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You need a lot of different types of people to make the world better.
I made the most of my ability and I did my best with my title.
Once that bell rings you're on your own it's just you and the other guy.
Joe Louis was born in a shack outside of Lafayette, Alabama on May 3 1914. The grandson of slaves, he was the seventh of eight children born to Munroe Barrow a sharecropper, and Lillie Barrow. Louis family was poor. He and his siblings slept three and four to a bed. When Joe was two years old his father committed to a asylum. He went to Bronson Vocational School. While in school, he played the violin.
Joe became boxing's heavyweight champion with his defeat of James J. Braddock in 1937. Nicknamed the "Brown Bomber," his knockout of Germany's Max Schmeling in 1938 made him a national hero. He also established a record by retaining the championship for twelve years. Joe was on the magazine for boxer of the year and was the first boxer honored on a U.S. postage stamp.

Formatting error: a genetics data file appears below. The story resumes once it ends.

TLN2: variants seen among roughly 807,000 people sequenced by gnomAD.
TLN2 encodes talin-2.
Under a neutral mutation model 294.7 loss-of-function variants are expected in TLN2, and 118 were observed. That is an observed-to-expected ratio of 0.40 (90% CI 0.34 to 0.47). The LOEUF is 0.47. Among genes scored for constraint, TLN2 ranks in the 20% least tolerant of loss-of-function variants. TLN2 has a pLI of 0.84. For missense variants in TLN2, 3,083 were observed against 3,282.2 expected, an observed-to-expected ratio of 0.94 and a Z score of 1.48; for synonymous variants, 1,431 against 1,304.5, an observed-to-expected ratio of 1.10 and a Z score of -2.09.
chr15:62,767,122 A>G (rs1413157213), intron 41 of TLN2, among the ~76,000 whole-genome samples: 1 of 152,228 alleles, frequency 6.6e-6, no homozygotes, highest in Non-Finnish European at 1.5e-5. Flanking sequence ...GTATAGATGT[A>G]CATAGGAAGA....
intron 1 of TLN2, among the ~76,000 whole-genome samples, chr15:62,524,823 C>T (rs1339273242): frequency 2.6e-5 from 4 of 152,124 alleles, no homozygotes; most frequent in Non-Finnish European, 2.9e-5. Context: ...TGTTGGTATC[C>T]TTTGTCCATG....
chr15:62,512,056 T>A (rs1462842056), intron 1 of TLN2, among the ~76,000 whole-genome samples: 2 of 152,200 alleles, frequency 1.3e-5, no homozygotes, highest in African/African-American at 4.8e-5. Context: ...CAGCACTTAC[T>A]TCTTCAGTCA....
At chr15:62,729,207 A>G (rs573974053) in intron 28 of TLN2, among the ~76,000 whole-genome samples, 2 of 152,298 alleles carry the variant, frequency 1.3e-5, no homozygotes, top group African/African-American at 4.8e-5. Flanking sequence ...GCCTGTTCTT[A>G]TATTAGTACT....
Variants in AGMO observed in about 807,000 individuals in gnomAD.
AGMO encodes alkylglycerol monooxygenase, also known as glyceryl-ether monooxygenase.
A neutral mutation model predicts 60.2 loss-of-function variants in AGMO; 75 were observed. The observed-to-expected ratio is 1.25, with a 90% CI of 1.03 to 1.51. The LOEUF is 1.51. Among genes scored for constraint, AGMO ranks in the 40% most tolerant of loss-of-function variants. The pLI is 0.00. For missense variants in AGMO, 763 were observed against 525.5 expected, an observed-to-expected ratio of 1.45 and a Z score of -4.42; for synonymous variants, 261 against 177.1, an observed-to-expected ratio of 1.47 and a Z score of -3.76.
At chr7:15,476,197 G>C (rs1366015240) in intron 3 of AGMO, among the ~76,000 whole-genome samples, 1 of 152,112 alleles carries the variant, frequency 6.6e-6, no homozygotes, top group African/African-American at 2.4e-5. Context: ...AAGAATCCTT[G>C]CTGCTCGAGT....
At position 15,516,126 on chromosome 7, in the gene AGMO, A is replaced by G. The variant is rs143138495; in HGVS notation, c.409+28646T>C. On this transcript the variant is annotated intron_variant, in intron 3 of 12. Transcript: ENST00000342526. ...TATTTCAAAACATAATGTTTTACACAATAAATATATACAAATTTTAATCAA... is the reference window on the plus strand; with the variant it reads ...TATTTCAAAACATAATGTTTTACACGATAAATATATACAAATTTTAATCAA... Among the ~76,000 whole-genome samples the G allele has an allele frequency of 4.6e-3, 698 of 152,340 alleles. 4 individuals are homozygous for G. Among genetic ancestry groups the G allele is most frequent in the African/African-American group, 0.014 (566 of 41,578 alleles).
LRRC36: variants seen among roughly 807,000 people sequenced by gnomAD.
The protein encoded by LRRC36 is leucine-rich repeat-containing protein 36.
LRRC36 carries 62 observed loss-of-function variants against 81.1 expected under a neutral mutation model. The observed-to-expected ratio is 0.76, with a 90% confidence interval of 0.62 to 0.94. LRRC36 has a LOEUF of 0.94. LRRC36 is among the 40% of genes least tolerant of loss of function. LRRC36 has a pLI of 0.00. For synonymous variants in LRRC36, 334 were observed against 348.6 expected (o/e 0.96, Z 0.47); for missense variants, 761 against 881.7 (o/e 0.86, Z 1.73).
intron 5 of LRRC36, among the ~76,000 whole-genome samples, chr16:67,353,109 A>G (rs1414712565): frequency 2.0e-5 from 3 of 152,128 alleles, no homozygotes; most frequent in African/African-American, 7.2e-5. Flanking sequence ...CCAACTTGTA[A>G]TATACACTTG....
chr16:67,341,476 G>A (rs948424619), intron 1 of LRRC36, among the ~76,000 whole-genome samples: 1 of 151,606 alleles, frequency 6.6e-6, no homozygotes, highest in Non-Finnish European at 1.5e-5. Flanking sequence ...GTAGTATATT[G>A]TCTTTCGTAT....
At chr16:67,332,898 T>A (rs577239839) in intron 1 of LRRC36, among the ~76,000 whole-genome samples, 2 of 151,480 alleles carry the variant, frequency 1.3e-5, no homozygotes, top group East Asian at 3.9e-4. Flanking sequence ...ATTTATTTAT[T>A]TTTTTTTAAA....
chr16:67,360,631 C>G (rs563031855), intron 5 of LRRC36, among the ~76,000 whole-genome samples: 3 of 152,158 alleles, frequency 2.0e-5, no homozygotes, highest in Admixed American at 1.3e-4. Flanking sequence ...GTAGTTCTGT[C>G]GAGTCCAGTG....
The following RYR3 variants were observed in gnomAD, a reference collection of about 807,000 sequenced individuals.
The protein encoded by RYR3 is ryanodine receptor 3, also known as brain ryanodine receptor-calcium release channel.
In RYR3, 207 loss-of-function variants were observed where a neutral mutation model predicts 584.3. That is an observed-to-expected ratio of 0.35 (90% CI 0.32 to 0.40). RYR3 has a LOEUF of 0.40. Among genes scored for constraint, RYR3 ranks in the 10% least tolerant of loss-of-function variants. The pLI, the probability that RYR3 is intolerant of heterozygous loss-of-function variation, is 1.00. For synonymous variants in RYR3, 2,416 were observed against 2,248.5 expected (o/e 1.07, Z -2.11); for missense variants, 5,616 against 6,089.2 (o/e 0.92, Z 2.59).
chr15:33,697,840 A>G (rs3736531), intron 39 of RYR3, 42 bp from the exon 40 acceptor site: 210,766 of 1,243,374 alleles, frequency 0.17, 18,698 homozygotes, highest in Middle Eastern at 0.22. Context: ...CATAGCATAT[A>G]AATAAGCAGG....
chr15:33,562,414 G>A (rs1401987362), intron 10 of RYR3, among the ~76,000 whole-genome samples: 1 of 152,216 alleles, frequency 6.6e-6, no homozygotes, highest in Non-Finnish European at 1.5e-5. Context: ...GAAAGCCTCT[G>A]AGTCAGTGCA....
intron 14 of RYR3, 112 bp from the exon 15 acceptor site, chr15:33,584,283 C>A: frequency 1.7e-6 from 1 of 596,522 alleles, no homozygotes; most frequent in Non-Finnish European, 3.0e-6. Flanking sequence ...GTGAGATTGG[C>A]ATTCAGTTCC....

Joe was important because he was widely regarded as the first African American to achieve the status of a nationwide hero within the U.S. He was also a focal point of anti-Nazi sentiment leading up to and during WWII. Lastly, he was very important in integrating the game of golf. Joe broke the sport's color barrier in America by appearing under a sponsor's special privileges in a PGA event in 1952.
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